As technology has rapidly moved into the foreground of nearly every industry and aspect of life, there’s a real fear of true craftsmanship beginning to slip away. While this has become a reality in more recent years, there are still artisans out there striving to preserve centuries-old practices not only through the work they put out into the world, but also by passing down these techniques and philosophies to those coming up in the industry.

One such artist is goldsmith and jewelry maker Paul Farmer.

Paul has all the markings of a true craftsman––he’s taken the time to study every aspect of jewelry making, from gemology to goldsmithing. He’s also studied with the masters in Vincenza, Italy to learn the ancient gold fusion technique of granulation, and he’s since taught it to other artisans in the region. He handcrafts every element of the jewelry he makes and has developed a keen eye for gemstones.

Paul’s pursuit of mastery in jewelry making has resulted in truly remarkable and unique jewelry that exudes high craft.

Read on to learn more about Paul and watch the video below to see how he brings some of his rings together, from three raw metals to the final product.

When did you know art was your calling?

I was a music major in college. I played 32 instruments and I used to repair musical instruments. I owned a music store for years, and all the soldering and working with metals all transferred into the jewelry. I’ve been doing it for about 31 years now. I studied gemology, so I know how to pick really well cut stones and ones that really speak to me.

What do you love most about jewelry making?

I like helping clients. They want to express themselves through the jewelry they wear. A lot of times they come to me and have me design a piece for them. I like the artistic side because I can draw energy from the stone that I select. I know it spoke to me already, and it really captures the imagination. And then I can create from there.

How do you keep yourself challenged?

I’ve studied from five or six master goldsmiths, and so I’m constantly taking courses from other people that are also master goldsmiths. This last year, I also taught in Italy for a week in Vicenza, which is the capital of goldsmithing for Italy, and really the capital of goldsmithing in Europe. Most of the gold jewelry is made there.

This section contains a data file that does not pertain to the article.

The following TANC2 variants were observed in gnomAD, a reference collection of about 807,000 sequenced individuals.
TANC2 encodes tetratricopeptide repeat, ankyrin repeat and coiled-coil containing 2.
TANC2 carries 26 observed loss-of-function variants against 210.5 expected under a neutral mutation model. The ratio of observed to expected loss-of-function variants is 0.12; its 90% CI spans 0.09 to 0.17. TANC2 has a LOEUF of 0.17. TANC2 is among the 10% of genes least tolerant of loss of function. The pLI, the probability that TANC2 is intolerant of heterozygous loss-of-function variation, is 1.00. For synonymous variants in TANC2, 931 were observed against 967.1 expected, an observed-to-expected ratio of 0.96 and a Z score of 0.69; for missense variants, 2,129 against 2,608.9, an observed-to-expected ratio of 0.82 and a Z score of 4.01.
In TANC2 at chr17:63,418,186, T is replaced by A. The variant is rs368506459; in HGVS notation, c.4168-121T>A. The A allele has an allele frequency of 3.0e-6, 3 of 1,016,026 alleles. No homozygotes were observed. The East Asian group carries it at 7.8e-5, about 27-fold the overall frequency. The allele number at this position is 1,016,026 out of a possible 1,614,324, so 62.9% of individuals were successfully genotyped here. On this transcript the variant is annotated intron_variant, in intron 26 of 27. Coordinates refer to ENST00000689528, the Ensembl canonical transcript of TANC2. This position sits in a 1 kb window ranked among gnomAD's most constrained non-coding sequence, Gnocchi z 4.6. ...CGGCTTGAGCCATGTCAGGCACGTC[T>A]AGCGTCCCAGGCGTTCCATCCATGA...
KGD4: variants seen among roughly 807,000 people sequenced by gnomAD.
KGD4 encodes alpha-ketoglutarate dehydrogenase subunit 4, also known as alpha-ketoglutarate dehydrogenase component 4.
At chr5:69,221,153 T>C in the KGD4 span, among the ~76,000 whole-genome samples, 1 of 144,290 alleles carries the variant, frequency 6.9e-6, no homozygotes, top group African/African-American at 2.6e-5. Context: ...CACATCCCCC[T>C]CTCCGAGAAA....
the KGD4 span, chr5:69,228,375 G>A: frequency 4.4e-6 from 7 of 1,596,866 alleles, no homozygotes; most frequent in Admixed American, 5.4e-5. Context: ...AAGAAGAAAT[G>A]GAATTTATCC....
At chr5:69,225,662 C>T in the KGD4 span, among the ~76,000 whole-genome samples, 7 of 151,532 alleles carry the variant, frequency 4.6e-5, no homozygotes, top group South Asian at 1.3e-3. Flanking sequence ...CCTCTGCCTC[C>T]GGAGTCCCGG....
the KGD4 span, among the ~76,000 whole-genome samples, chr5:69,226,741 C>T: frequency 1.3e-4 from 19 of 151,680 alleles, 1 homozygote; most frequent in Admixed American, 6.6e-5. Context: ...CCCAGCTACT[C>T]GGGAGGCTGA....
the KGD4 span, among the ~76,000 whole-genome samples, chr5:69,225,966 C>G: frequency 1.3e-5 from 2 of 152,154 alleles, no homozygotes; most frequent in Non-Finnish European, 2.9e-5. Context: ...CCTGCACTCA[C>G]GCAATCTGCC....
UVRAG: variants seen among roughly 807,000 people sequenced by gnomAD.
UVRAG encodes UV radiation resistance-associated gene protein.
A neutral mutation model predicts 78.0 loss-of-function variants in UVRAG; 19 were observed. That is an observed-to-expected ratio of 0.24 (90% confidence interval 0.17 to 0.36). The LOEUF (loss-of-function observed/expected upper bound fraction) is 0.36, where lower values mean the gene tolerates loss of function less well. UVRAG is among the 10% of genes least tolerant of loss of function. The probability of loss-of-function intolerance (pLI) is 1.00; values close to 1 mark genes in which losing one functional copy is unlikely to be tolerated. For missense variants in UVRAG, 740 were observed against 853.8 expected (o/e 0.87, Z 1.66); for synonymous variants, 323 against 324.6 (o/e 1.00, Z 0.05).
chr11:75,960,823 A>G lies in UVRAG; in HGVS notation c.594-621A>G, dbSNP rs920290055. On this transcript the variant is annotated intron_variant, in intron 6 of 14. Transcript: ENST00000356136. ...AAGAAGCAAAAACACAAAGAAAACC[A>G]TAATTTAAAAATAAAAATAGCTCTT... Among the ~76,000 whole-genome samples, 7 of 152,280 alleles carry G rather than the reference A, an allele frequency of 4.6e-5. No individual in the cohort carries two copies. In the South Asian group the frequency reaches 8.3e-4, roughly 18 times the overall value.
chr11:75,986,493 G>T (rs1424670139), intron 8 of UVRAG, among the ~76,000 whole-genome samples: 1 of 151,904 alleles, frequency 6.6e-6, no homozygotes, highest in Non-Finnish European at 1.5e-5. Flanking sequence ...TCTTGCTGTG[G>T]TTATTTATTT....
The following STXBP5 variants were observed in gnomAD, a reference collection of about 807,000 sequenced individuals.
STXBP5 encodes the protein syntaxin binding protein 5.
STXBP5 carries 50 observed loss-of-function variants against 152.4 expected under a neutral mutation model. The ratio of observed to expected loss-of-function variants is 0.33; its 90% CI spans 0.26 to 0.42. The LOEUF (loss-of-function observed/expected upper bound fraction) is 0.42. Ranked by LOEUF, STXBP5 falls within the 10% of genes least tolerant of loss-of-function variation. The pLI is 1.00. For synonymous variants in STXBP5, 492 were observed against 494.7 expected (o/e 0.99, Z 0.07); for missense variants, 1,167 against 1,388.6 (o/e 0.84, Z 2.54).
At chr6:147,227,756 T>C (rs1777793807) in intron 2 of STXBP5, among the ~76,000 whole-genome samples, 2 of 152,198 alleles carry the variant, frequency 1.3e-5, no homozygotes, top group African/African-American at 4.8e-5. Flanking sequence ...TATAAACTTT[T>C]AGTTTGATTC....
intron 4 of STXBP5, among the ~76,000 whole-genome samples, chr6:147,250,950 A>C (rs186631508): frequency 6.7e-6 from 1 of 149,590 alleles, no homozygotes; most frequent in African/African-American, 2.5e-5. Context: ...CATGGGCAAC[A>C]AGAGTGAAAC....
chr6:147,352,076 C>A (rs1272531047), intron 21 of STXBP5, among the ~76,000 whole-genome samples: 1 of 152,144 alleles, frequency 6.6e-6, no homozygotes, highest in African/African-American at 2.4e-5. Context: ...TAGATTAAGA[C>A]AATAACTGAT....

How did you develop your unique style?

I started out with a basic class in jewelry, it was just silver. Then I was introduced to someone who saw my work and they said, “I need to teach you to be a goldsmith.” That was it…it just grew from there.

The technique they were using is called granulation. It’s an ancient technique. The Egyptians and Etruscans did it. So, basically as a goldsmith, I make everything from scratch. I alloy the gold using 24-karat gold, silver and a very tiny amount of copper. I actually stir the molten metal, and then I create an ingot of gold and with the ingots, I do different things like create a square rod or a flat piece. Then I roll it out with a rolling mill and create sheet and wire. It’s an additive process. I fabricate it and I keep building then I’ll trim off the excess. Then I’ll start doing the granules of gold and create the design.

What brings you back to the Celebration of Fine Art?

First of all, there’s a camaraderie among the artists here. We all learn from each other. Even though my neighbor may not be a jeweler, I still learn from their process and how they work. It’s kind of like going back to grad school and you’re in this environment where you get a lot of help from different people. I also love the patrons of the show. I’ve met some fantastic people and have some great friends from the show. I love coming back. It’s my 16th year.